Is Leisel Jones too fat to swim? The Australian Olympian is being taken to task in the Australian press for not having the ripped physique of some other athletes, creating a firestorm of backlash and controversy.
What kicked it off was a recent story in Melbourne’s Herald Sun featuring several photos of Jones, a previous gold medalist who will be competing in the London Olympics.
“Showing motivation comes in all shapes,” the story said, “a relaxed Jones arrived in the Games city ready to become the first Australian swimmer to compete at four Olympics. But it was her appearance that had tongues wagging as much as her bid for history. As these pictures show, she resembles none of her previous incarnations and appears heavier than at previous meets.”
The paper quotes former Australian Olympic swimmer Hayley Lewis as saying, “She probably knows within herself that she doesn’t feel quite 100 per cent fit,” and added, “Leisel has never had that tiny straight up and down, very sinewy, lean swimmer’s body and she’s managed to win countless amounts of Olympic and Commonwealth Games medals.”
We’re not sure if that backhanded compliment is catfight worthy, but the story sparked an Internet uproar about body image, what constitutes fit or fat, and who has the right to tell an Olympic champion she’s overweight.
Yes, the photos reveal that Jones does not have a perfectly flat stomach with washboard abs. But let he or she who is without a muffin top—and who has a few gold medals—cast the first stone.
Yahoo! Sports reported that the paper initially put up a poll asking readers if she was fit to swim in London, but took it down hours later. Fellow Aussie swimmer Melanie Schlanger tweeted in response, “I’m embarrassed by the Aussie media having a go at Leisel, one of Australia’s greatest Olympians. Support athletes, don’t drag them down.”
Jones isn’t the only elite athlete undergoing weight scrutiny. In May the U.K.’s Daily Mail published an article and photos of the British women’s beach volleyball team, which had set up to play an exhibition game in public near the Houses of Parliament in London. They wore team outfits of sports bras and bikini bottoms, and not every athlete was stick thin.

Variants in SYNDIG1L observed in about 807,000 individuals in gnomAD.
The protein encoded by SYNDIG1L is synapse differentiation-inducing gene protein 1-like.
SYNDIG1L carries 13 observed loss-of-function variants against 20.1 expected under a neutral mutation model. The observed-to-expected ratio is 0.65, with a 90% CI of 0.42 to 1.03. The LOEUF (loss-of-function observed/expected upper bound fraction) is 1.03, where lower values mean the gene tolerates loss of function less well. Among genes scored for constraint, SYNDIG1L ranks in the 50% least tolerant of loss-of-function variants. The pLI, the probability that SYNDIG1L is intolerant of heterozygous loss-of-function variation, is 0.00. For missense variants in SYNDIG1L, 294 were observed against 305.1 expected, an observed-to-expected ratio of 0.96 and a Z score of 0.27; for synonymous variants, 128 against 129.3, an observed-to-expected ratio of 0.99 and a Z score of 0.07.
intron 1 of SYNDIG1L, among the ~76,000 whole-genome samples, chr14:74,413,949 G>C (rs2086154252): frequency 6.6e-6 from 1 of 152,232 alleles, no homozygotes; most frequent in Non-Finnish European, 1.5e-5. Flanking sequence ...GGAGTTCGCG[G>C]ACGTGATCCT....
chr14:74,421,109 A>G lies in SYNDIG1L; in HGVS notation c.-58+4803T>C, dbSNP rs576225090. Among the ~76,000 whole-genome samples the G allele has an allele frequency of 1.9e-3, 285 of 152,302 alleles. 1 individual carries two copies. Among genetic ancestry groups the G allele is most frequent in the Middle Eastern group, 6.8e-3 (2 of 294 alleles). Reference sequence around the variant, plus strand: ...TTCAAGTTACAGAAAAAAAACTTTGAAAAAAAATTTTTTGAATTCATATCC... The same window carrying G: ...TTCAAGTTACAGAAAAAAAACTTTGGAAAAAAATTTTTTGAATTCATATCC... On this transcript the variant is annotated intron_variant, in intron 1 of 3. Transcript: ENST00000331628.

The story, which made no reference to the athletes’ size (it was actually about how the city will be affected by the Olympics), elicited a stunning 484 comments, of which the vast majority mentioned the women’s appearance.
“Oh God, I just bought beach volley tickets!” one person wrote. “I hope the athletes (male and female) will be better looking and fitter than these!” Said another, “Is Weight Watchers their sponsor, lol.”
“I can’t believe that people on here are making negative body comments about these athletes,” still another commenter wrote. “These girls bodies are fit, healthy, efficient and perform exactly how they need to for their sport. They are not models nor are they claiming to be, they have fantastic healthy bodies and you can guarantee they are super fit and strong. These should be the role models that young girls should aspire too, not the skinny, chain smoking, unhealthy celebrities that they often try to imitate.”
Since we haven’t reached the day when we’re OK with seeing qualified athletes compete no matter what their size, the debate will continue. But Jones is already having the last laugh, since she made the Olympic Team. After all, swimming well is the best revenge.
What do you think about Leisel Jones’s physique? Does she need to lose weight to be a competitive swimmer, or is she fine the way she is? Let us know in the comments.
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Jeannine Stein, a California native, wrote about health for the Los Angeles Times. In her pursuit of a healthy lifestyle she has taken countless fitness classes, hiked in Nepal, and has gotten in a boxing ring. Email Jeannine | TakePart.com